In its resolution of 14 May 2013,33 the European Parliament welcomed the negotiations on TTIP in principle,34 but mentioned some sensitive issues where the position of the EU ought to be steady as a rock. Thus, it considered it “essential for the EU and its Member States to maintain the possibility of preserving and developing their cultural and audiovisual policies, and to do so in the context of their existing laws, standards and agreements” and called, therefore, “for the exclusion of cultural and audiovisual services, including those provided online, to be clearly stated in the negotiating mandate”.35 The agreement should include strong protection of precisely and clearly defined areas of intellectual property rights (IPRs), including geographical indications36 and should guarantee full respect for EU fundamental rights standards, especially a high level of protection of personal data.37 The European Parliament emphasised the sensitivity of certain fields of negotiation, such as the agricultural sector, where perceptions of Genetically Modified Organisms (GMOs), cloning and consumer health tend to diverge between the US and the EU. Nevertheless, it saw “an opportunity in enhanced cooperation in agriculture trade, and stresses the importance of an ambitious and balanced outcome in this field. But the agreement must not undermine the fundamental values of either side, for example the precautionary principle in the EU.”38 It stressed that financial services must be included.39 The Parliament “reminds the Commission of its obligation to keep Parliament immediately and fully informed at all stages of the negotiations (before and after the negotiating rounds)”.40 This obligation is enshrined in Article 218 para. 10 TFEU. But Parliament furthermore “recalls the need for proactive outreach and continuous and transparent engagement by the Commission with a wide range of stakeholders, including business, environmental, agricultural, consumer, labour and other representatives, throughout the negotiation process, in order to ensure fact-based discussions, build trust in the negotiations, obtain proportionate input from various sides, and foster public support by taking stakeholders’ concerns into consideration”. It “encourages all stakeholders to actively participate and to put forward initiatives and information relevant to the negotiations”. Members of the national parliaments like the Members of the German Bundestag can be very important “other representatives”, at least if their formal consent is necessary for the entry into force of TTIP. The European Parliament is aware of this aspect, having in mind its own role. It “recalls that Parliament will be asked to give its consent to the future TTIP agreement, as stipulated by the Treaty on the Functioning of the European Union, and that its positions should therefore be duly taken into account at all stages”.41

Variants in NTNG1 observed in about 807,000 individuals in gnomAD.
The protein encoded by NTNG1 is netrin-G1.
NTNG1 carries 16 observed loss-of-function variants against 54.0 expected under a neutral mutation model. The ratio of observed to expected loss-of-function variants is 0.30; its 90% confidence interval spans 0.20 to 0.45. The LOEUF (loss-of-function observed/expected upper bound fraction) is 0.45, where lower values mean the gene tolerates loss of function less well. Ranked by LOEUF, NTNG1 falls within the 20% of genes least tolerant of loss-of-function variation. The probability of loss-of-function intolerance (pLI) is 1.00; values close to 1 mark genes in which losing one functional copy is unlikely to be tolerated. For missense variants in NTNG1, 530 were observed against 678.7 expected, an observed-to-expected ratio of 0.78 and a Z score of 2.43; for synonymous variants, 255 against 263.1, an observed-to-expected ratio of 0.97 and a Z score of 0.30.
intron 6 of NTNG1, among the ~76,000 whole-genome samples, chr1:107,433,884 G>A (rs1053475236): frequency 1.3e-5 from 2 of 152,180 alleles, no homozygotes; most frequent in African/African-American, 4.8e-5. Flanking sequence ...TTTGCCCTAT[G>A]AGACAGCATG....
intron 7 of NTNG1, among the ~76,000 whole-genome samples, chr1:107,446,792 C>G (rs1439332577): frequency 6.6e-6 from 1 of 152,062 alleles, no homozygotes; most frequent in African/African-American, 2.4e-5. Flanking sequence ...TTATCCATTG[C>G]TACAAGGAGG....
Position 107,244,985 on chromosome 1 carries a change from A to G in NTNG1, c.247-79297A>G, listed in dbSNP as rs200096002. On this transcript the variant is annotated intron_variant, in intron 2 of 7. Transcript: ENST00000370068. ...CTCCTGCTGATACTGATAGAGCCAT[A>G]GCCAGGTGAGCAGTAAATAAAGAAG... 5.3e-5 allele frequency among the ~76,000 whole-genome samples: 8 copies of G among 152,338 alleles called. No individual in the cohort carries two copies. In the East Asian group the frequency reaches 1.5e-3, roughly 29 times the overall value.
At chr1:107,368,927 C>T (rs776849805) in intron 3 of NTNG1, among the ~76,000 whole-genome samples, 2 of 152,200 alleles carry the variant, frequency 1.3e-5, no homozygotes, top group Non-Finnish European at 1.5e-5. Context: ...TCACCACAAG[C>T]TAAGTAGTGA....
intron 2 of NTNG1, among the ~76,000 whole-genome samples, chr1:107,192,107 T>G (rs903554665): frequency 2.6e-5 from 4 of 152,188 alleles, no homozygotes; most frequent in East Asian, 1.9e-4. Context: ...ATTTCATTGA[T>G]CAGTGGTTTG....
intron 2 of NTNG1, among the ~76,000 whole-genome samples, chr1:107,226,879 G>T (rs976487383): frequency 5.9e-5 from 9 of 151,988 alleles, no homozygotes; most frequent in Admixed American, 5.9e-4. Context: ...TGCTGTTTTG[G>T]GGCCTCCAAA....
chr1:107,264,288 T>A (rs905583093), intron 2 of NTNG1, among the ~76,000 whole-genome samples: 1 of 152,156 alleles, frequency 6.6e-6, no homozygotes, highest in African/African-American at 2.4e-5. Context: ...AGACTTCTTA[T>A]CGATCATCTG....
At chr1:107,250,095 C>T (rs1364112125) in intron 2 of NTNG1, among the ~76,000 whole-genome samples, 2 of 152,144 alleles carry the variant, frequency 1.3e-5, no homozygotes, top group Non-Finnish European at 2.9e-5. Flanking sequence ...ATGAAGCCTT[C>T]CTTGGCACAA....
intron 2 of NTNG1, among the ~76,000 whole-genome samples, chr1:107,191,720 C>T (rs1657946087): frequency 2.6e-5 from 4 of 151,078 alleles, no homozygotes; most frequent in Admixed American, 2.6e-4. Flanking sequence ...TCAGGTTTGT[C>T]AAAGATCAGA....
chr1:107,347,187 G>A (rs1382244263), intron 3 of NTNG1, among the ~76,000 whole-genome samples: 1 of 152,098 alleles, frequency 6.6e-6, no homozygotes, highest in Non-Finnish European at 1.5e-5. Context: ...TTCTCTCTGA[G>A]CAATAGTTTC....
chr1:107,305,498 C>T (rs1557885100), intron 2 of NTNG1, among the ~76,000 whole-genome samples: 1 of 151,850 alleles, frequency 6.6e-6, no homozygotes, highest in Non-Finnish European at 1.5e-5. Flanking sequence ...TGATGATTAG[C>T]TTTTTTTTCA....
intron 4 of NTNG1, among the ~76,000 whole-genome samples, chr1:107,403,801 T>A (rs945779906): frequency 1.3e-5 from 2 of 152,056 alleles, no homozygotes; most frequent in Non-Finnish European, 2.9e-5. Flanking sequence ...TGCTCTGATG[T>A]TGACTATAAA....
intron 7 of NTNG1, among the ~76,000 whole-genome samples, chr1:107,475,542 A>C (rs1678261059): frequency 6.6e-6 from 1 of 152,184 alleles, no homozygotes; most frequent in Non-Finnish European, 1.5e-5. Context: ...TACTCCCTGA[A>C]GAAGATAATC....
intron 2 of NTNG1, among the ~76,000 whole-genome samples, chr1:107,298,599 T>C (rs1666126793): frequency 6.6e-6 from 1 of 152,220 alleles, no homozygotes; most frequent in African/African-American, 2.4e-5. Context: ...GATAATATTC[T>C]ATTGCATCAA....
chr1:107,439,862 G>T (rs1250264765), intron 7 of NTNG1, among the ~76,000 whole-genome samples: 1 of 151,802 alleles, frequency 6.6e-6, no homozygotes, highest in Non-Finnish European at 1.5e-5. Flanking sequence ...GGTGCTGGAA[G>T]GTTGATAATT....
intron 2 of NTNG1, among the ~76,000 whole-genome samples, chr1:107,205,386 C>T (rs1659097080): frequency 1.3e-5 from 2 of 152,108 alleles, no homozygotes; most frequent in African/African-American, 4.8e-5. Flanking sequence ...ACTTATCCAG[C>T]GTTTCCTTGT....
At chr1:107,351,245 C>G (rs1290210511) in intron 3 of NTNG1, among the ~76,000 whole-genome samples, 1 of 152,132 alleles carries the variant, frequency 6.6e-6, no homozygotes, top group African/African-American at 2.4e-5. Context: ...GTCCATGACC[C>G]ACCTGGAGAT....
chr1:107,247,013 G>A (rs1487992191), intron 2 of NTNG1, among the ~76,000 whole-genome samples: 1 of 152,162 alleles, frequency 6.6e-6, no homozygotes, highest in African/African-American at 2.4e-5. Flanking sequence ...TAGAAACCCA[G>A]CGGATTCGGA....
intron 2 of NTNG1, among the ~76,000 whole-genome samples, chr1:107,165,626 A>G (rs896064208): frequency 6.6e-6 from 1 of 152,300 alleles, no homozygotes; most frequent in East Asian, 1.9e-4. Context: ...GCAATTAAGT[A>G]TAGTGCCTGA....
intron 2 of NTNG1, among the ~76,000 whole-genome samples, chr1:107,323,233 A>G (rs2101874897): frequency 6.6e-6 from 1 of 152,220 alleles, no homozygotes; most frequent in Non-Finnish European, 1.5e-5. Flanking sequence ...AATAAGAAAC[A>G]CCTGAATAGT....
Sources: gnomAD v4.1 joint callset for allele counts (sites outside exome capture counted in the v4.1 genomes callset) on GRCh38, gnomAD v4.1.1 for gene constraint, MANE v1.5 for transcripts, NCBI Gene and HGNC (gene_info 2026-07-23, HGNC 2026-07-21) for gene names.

TTIP is also debated critically and with diverging points of view in national parliaments.42 In the German Bundestag the parliamentary groups of the opposition parties BÜNDNIS 90/DIE GRÜNEN (ALLIANCE 90/GREEN PARTY) and DIE LINKE (THE LEFT) and some of their MPs submitted parliamentary questions43 and initiated very intensive inquiry proceedings44 dealing with a lot of sensitive issues and critical points of TTIP and the respective positions of the Federal Government which is formed by a coalition of the Christian Democrats (CDU), the Christian Social Union (CSU) and the Social Democrats (SPD).45 There were even demands to stop46 or to suspend47 the negotiations. TTIP was debated in special forums of the Parliament.48 Some “no goes” were formulated or at least discussed.49 The Bundesrat (chamber of the German Länder), too, debated TTIP.50 Both legislative organs of Germany think that TTIP should be concluded as a mixed agreement which needs to be ratified by the Federal Republic of Germany with their consent.51 The academic advice service of the Bundestag published an expert opinion endorsing this stance.52 The same view was taken by both Houses of Parliament in the UK,53 by the governments of France54 and Austria55 and by the chairs of the relevant committees in the national parliaments of the Netherlands, Austria (both Nationalrat and Bundesrat), Belgium, the Czech Republic (both Chamber of Deputies and Senate), France, Germany, Hungary, Ireland, Latvia, Luxembourg, Malta, Poland (both Sejm and Senate), Portugal, Slovakia and Slovenia.56 However, the opinion of the EU Commission seems to differ.57 Former EU Trade Commissioner Karel de Gucht wanted to submit the issue to the Court of Justice of the European Union if the EU’s exclusive competence continues to be contested.58 On 30 October 2014, De Gucht’s second to last day in office, the Commission eventually requested a Court of Justice Opinion on the competence to sign and ratify the Free Trade Agreement with Singapore.59 Therefore the question whether TTIP needs the consent of the national parliaments of the EU Member States and in Germany the consent of the Bundestag—or even the consent of the Bundesrat, too—has become relevant in practice.